The Effects of Increased Fertilizer Use on Nitrate Pollution in the Mississippi Watershed
MetadataShow full item record
PublisherThe University of Arizona.
RightsCopyright © is held by the author. Digital access to this material is made possible by the University Libraries, University of Arizona. Further transmission, reproduction or presentation (such as public display or performance) of protected items is prohibited except with permission of the author.
AbstractReduction of nitrate pollution in the Mississippi Watershed is essential to improving water quality and reducing the formation of hypoxic zones (also known as a dead zones) in the Gulf of Mexico. Further concern about nitrate pollution has been caused by the speculation that increased global food demand will bring about an increase in fertilizer use per hectare. This research seeks to examine a typical creek in southeastern Iowa called Clear Creek. By measuring the nitrate levels in this creek, the amount of nitrate leached throughout the Clear Creek Watershed can be estimated. From this data, it is also possible to investigate the effect that increasing fertilizer application will have on nitrate pollution. This prediction gives a worst–case-scenario of what could happen if farming practices are not altered in a way that will decrease the leaching of nitrates from fertilized soil to waterways. Preliminary results indicate that a ten percent increase in fertilizer application could result in an additional 3,600 kilograms of nitrate in the Clear Creek Watershed during a single summer month.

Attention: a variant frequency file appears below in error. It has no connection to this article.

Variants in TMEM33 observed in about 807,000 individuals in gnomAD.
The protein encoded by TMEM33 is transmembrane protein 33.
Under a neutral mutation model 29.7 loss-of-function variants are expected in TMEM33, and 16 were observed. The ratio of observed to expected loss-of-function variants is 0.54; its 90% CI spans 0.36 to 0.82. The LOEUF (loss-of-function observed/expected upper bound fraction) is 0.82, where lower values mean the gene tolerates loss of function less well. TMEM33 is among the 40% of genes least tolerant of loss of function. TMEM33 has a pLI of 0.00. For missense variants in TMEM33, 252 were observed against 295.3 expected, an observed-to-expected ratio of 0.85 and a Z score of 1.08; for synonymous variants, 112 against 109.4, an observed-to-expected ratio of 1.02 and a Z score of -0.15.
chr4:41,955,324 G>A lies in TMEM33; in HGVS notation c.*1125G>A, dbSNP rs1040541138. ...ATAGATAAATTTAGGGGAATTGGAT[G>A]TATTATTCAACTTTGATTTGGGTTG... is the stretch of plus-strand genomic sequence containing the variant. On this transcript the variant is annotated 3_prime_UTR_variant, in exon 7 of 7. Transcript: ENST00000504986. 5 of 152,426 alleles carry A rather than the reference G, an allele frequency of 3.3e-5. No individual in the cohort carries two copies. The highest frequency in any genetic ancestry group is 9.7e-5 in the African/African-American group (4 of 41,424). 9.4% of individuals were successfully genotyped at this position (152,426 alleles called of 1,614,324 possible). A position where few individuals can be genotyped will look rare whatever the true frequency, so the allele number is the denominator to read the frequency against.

Degree ProgramHonors College
Hydrology and Water Resources